“La mer nous apprend la modestie”.
I leave my readers with a few lines from Leaves of Grass by Walt Whitman:
O vast Rondure, swimming in space,
Cover’d all over with visible power and beauty,
Alternate light and day and the teeming spiritual darkness,
Unspeakable high processions of sun and moon and countless stars above,
Below, the manifold grass and waters, animals, mountains, trees,
With inscrutable purpose, some hidden prophetic intention,
Now first it seems my thought begins to span thee.
Down from the gardens of Asia descending radiating,
Adam and Eve appear, then their myriad progeny after them,
Wandering, yearning, curious, with restless explorations,
With questionings, baffled, formless, feverish, with never-happy hearts,
With that sad incessant refrain, Wherefore unsatisfied soul? and
Whither O mocking life?
Ah who shall soothe these feverish children?
Who justify these restless explorations?
Who speak the secret of impassive earth?
Who bind it to us? what is this separate Nature so unnatural?
What is this earth to our affections? (unloving earth, without a
throb to answer ours,
Cold earth, the place of graves.)
Yet soul be sure the first intent remains, and shall be carried out,
Perhaps even now the time has arrived.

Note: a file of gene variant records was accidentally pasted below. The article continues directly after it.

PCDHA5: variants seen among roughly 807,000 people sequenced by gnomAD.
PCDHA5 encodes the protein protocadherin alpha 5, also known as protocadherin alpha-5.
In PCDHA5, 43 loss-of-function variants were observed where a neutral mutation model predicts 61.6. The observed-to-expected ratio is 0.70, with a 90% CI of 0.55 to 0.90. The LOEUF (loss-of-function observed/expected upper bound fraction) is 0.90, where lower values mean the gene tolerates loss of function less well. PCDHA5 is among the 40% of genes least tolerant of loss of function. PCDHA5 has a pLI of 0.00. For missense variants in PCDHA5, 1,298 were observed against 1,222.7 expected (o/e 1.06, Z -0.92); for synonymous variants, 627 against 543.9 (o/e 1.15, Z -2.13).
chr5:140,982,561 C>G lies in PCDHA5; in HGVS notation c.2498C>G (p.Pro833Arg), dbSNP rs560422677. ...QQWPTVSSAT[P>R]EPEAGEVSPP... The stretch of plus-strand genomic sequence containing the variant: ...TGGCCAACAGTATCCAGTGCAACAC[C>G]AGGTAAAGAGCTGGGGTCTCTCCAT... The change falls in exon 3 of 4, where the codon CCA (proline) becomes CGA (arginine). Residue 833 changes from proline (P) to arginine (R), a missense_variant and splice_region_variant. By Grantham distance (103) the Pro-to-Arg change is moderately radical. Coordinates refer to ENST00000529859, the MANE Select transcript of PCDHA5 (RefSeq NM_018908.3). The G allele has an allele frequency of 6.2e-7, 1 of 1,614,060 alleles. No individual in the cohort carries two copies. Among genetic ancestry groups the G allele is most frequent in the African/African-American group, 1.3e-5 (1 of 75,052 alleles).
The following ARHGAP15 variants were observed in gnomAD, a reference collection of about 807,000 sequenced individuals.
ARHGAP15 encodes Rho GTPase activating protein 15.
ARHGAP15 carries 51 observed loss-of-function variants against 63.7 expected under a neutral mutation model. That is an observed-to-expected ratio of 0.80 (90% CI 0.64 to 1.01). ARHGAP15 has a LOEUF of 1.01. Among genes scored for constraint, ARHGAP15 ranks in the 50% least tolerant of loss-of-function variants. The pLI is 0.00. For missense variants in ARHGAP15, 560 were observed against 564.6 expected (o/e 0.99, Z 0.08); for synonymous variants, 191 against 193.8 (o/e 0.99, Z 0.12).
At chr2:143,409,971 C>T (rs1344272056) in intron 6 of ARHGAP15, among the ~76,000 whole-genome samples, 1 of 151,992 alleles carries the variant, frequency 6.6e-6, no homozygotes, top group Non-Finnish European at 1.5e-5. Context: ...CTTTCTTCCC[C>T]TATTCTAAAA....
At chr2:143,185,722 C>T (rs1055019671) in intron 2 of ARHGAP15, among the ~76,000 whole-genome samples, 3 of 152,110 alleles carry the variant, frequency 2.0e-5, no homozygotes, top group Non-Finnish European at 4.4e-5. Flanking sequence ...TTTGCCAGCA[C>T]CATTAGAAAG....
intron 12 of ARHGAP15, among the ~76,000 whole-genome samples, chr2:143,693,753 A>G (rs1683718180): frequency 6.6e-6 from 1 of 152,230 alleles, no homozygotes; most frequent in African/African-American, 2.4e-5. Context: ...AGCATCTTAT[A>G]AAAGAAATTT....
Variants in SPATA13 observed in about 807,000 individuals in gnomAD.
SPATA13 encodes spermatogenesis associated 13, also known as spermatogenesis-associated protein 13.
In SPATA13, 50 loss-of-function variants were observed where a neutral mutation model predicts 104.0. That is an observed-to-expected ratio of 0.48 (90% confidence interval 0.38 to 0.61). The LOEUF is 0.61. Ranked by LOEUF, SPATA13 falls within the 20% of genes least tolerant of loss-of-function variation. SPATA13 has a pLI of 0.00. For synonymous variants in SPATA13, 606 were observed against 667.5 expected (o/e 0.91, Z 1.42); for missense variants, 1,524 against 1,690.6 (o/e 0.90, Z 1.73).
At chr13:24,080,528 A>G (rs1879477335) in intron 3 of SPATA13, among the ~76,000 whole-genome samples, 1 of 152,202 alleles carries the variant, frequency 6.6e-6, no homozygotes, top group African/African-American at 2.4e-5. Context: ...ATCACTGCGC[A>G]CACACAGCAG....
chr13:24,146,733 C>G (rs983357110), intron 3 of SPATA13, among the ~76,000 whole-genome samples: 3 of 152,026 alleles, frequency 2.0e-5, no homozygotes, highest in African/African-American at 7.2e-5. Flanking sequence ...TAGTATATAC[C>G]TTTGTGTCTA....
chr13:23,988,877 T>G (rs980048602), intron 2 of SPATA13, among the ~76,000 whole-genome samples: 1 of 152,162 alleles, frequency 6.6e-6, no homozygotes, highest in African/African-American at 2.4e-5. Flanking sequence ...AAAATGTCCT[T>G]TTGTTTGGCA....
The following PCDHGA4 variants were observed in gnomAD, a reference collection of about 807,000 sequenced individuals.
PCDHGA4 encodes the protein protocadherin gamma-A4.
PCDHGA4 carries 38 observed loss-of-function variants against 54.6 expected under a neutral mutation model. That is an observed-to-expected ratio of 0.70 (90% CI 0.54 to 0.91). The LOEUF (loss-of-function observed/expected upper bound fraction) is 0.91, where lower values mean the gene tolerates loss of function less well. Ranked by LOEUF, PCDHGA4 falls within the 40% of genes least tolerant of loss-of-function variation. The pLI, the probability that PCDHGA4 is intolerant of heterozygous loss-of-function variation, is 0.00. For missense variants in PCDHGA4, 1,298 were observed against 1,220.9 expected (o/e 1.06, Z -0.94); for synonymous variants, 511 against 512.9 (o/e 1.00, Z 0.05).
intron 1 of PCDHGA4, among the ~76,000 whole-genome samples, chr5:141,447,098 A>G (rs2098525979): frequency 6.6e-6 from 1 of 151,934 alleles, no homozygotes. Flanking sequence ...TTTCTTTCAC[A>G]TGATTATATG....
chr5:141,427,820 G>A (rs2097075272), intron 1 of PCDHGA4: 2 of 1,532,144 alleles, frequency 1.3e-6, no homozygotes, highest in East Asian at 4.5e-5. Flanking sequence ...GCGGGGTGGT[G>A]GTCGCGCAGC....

After the seas are all cross’d, (as they seem already cross’d,)
After the great captains and engineers have accomplish’d their
After the noble inventors, after the scientists, the chemist, the
Finally shall come the poet worthy that name,
The true son of God shall come singing his songs.
* * *
Ah more than any priest O soul we too believe in God,
But with the mystery of God we dare not dally.
O soul thou pleasest me, I thee,
Sailing these seas or on the hills, or waking in the night,
Thoughts, silent thoughts, of Time and Space and Death, like
Bear me indeed as through the regions infinite,
Whose air I breathe, whose ripples hear, lave me all over,
Bathe me O God in thee, mounting to thee,
I and my soul to range in range of thee.
O Thou transcendent,
Nameless, the fibre and the breath,
Light of the light, shedding forth universes, thou centre of them,
Thou mightier centre of the true, the good, the loving,
Thou moral, spiritual fountain—affection’s source—thou reservoir,
(O pensive soul of me—O thirst unsatisfied—waitest not there?
Waitest not haply for us somewhere there the Comrade perfect?)
Thou pulse—thou motive of the stars, suns, systems,
That, circling, move in order, safe, harmonious,
Athwart the shapeless vastnesses of space,
How should I think, how breathe a single breath, how speak, if, out of myself,
I could not launch, to those, superior universes?
Swiftly I shrivel at the thought of God,
At Nature and its wonders, Time and Space and Death,
But that I, turning, call to thee O soul, thou actual Me.
Two versions of that part of Psalm civii, They That Go Down to the Sea in Ships, for you:
Setting by Purcell https://youtu.be/ssyPAUfj2V0
Setting by Herbert Sumsion sung by the Choir of Ely Cathedral https://youtu.be/DAor6_zl36c
Both very evocative, particularly Purcell’s staggering like a drunken man. Enjoy!
Thanks for the corrections.
I don’t usually modify comments in this blog, but it seemed the most simple. Do please forgive me…